Invertebrate Systematics Invertebrate Systematics Society
Systematics, phylogeny and biogeography
RESEARCH ARTICLE

When and where did troidine butterflies (Lepidoptera : Papilionidae) evolve? Phylogenetic and biogeographic evidence suggests an origin in remnant Gondwana in the Late Cretaceous

Michael F. Braby A B D , John W. H. Trueman A and Rod Eastwood B C

A School of Botany and Zoology, The Australian National University, Canberra, ACT 0200, Australia.

B Museum of Comparative Zoology, Harvard University, 26 Oxford St, Cambridge, MA 02138, USA.

C Australian School of Environmental Studies, Griffith University, Nathan, Queensland 4111, Australia.

D Corresponding author. Email: michael.braby@anu.edu.au

Invertebrate Systematics 19(2) 113-143 https://doi.org/10.1071/IS04020
Submitted: 9 August 2004  Accepted: 9 March 2005   Published: 28 June 2005

Abstract

The age, geographic origin and time of major radiation of the butterflies (Hesperioidea + Papilionoidea + Hedyloidea) are largely unknown. The general modern view is that butterflies arose during the Late Jurassic/Cretaceous in the southern hemisphere (southern Pangea/Gondwana before continental breakup), but this is not universally accepted, and is a best guess based largely on circumstantial evidence. The extreme paucity of fossils and lack of modern, higher-level phylogenies of extant monophyletic groups have been major impediments towards determining reliable estimates of either their age or geographic origin. Here we present a phylogenetic and historical biogeographic analysis of a higher butterfly taxon, the swallowtail tribe Troidini. We analysed molecular data for three protein-encoding genes, mitochondrial ND5 and COI–COII, and nuclear EF–1α, both separately and in combination using maximum parsimony (with and without character weighting and transition/transversion weighting), maximum likelihood and Bayesian methods. Our sample included representatives of all 10 genera of Troidini and distant ingroup taxa (Baroniinae, Parnassiinae, Graphiini, Papilionini), with Pieridae as outgroup. Analysis of the combined dataset (4326 bp; 1012 parsimony informative characters) recovered the Troidini as a well supported monophyletic group and the monophyly of its two subtribes, Battina and Troidina. The most parsimonious biogeographic hypothesis suggests a southern origin of the tribe in remnant Gondwana (Madagascar–Greater India–Australia–Antarctica–South America) sometime after the rifting and final separation of Africa in the Late Cretaceous (<90 Mya). Although an ancient vicariance pattern is proposed, at least four relatively recent dispersal/extinction events are needed to reconcile anomalies in distribution, most of which can be explained by geological and climatic events in South-east Asia and Australia during the late Tertiary. Application of a molecular clock based on a rate smoothing programme to estimate various divergence times based on vicariance events, revealed two peculiarities in our biogeographic vicariance model that do not strictly accord with current understanding of the temporal breakup of Gondwana: (1) the troidine fauna of Greater India did not become isolated from Gondwana (Antarctica) until the end of the Cretaceous (c. 65 Mya), well after Madagascar separated from Greater India (84 Mya); and (2) the faunas of Greater India, Australia and South America diverged simultaneously, also at the K/T boundary. A recent published estimate of the time (31 Mya) of divergence between Cressida Swainson (Australia) and Euryades Felder & Felder (South America) is shown to be in error.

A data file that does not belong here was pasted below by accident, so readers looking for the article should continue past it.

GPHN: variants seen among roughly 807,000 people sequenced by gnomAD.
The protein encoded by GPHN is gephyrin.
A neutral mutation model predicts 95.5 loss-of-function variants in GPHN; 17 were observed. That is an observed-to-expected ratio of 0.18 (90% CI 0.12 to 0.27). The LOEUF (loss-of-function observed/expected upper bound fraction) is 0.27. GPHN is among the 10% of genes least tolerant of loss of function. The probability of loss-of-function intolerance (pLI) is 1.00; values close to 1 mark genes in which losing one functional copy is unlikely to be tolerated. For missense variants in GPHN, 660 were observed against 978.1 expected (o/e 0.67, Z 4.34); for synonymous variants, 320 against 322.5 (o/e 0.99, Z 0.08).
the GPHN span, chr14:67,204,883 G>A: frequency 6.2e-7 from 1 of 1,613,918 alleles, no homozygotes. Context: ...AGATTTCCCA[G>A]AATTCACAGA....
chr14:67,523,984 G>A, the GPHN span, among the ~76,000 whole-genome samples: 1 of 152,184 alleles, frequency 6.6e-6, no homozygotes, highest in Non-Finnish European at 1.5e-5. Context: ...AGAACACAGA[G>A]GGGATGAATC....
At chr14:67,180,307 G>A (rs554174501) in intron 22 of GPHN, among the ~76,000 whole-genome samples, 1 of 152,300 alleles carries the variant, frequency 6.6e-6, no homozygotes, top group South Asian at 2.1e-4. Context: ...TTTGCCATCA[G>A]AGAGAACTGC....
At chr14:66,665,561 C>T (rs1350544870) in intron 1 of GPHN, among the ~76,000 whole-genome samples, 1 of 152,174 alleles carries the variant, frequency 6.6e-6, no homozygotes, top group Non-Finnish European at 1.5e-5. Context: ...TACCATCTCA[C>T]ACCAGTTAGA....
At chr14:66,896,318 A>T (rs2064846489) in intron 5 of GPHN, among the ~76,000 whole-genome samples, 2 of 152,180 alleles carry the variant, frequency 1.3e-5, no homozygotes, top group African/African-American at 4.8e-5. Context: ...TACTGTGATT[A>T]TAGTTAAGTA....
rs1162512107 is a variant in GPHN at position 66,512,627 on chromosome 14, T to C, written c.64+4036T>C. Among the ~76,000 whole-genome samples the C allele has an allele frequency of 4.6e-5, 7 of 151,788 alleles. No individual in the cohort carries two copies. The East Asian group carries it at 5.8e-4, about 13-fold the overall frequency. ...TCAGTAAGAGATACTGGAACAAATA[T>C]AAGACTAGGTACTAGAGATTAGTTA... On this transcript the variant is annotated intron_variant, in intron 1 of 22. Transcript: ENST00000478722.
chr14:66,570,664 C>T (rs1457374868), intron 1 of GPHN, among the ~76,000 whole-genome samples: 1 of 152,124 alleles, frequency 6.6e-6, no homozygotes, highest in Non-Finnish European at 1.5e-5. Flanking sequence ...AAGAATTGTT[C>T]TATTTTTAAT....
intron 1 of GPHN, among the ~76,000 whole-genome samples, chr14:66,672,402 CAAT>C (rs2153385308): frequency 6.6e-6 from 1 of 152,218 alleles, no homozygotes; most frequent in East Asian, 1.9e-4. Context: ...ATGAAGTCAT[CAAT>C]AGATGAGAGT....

Acknowledgments

We thank N. E. Pierce, F. A. H. Sperling, N. Wahlberg, M. Harvey, A. F. Atkins, F. Douglas and E. D. Edwards for comments and/or thought-provoking discussion on the manuscript. K. Lucas Silva-Brandão kindly provided us a copy of her unpublished manuscript on the molecular phylogeny of the New World Troidini. B. Fisher (USA/ Madagascar) and A. Varga (Argentina) generously assisted with acquisition of specimens. G. Alpert, J. Olive, A. Ugarte Peña, E. Schmidt and D. K. Yeates also assisted in other ways. This work was supported by an Australian Research Council Fellowship, grant number F19906650, and a Fulbright Postdoctoral Fellow Award through the auspices of the Australian-American Fulbright Commission to MFB.


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